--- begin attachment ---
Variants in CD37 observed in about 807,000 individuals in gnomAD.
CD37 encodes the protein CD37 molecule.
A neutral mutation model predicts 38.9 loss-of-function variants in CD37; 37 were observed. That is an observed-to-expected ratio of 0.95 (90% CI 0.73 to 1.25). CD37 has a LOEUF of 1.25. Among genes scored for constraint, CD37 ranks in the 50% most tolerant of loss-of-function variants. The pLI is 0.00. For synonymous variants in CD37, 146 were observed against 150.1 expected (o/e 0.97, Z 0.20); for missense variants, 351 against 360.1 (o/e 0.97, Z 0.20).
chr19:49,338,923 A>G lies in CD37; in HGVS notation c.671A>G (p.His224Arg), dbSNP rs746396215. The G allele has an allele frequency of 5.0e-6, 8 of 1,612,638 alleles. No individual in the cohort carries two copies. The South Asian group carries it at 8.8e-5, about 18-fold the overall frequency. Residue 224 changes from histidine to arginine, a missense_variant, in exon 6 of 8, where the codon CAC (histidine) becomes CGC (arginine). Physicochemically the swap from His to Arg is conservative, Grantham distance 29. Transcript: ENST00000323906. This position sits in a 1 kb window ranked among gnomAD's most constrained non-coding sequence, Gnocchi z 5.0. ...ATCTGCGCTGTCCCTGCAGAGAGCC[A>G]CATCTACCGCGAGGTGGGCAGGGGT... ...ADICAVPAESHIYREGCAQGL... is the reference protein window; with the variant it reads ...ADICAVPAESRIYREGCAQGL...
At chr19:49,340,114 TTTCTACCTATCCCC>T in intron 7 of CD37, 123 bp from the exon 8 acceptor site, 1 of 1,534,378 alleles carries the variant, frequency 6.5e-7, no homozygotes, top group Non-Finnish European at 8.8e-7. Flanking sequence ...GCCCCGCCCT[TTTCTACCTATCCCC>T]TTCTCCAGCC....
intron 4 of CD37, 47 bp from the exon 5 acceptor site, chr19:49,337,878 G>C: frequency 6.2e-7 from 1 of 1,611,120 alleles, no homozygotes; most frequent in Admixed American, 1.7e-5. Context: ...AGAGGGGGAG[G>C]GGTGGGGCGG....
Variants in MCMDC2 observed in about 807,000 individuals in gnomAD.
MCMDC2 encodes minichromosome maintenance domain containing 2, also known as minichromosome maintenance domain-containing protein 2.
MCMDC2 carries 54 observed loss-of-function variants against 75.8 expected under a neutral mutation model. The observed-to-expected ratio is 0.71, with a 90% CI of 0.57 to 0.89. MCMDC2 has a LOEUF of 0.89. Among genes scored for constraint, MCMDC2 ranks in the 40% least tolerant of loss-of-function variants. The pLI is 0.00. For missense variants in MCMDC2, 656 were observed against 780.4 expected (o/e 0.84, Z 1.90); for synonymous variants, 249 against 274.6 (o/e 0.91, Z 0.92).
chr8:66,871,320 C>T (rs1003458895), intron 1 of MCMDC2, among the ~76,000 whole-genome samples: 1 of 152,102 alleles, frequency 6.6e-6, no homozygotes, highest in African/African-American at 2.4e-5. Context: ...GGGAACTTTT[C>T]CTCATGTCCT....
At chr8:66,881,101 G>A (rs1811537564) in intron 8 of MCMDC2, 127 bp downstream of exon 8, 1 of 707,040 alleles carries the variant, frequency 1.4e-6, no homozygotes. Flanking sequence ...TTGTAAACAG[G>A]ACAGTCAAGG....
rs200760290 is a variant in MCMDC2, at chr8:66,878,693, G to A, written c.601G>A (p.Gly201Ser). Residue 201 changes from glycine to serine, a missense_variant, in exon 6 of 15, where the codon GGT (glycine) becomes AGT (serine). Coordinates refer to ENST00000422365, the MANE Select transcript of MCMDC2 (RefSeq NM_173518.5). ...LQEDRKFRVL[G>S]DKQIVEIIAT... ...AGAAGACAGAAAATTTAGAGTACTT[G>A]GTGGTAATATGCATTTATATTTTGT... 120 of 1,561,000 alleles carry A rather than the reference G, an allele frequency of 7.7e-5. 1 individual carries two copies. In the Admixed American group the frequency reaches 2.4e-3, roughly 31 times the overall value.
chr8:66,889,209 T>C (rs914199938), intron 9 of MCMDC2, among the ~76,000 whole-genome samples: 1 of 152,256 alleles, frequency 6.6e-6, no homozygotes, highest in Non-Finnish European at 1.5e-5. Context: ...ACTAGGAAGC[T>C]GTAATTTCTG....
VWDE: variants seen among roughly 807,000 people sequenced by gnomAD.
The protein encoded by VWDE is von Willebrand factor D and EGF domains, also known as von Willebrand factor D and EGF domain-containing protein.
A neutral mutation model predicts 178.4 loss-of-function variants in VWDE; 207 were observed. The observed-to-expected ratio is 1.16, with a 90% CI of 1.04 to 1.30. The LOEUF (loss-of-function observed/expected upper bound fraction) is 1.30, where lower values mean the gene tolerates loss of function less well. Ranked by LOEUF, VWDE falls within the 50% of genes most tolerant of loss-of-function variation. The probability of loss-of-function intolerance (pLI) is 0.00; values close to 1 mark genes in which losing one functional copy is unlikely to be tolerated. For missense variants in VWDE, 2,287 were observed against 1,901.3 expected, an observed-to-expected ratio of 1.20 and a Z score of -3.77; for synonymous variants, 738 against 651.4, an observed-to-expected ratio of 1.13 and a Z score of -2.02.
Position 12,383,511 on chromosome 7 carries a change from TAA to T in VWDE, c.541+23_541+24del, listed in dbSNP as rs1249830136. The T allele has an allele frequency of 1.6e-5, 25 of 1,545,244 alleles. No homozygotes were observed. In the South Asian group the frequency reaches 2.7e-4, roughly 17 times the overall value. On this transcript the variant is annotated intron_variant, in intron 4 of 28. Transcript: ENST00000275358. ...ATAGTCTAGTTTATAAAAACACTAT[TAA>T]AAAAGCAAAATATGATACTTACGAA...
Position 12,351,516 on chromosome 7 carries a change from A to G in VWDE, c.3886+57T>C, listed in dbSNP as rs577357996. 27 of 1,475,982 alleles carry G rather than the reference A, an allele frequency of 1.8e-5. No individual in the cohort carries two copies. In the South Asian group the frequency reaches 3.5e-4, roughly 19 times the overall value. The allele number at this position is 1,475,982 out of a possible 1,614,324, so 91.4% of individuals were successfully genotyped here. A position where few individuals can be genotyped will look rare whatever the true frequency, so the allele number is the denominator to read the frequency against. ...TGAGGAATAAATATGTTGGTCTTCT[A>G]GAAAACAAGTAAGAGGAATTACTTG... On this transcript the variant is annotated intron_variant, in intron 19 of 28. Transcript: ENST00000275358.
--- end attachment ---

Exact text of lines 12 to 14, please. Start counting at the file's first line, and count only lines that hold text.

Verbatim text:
rs200760290 is a variant in MCMDC2, at chr8:66,878,693, G to A, written c.601G>A (p.Gly201Ser). Residue 201 changes from glycine to serine, a missense_variant, in exon 6 of 15, where the codon GGT (glycine) becomes AGT (serine). Coordinates refer to ENST00000422365, the MANE Select transcript of MCMDC2 (RefSeq NM_173518.5). ...LQEDRKFRVL[G>S]DKQIVEIIAT... ...AGAAGACAGAAAATTTAGAGTACTT[G>A]GTGGTAATATGCATTTATATTTTGT... 120 of 1,561,000 alleles carry A rather than the reference G, an allele frequency of 7.7e-5. 1 individual carries two copies. In the Admixed American group the frequency reaches 2.4e-3, roughly 31 times the overall value.
chr8:66,889,209 T>C (rs914199938), intron 9 of MCMDC2, among the ~76,000 whole-genome samples: 1 of 152,256 alleles, frequency 6.6e-6, no homozygotes, highest in Non-Finnish European at 1.5e-5. Context: ...ACTAGGAAGC[T>C]GTAATTTCTG....
VWDE: variants seen among roughly 807,000 people sequenced by gnomAD.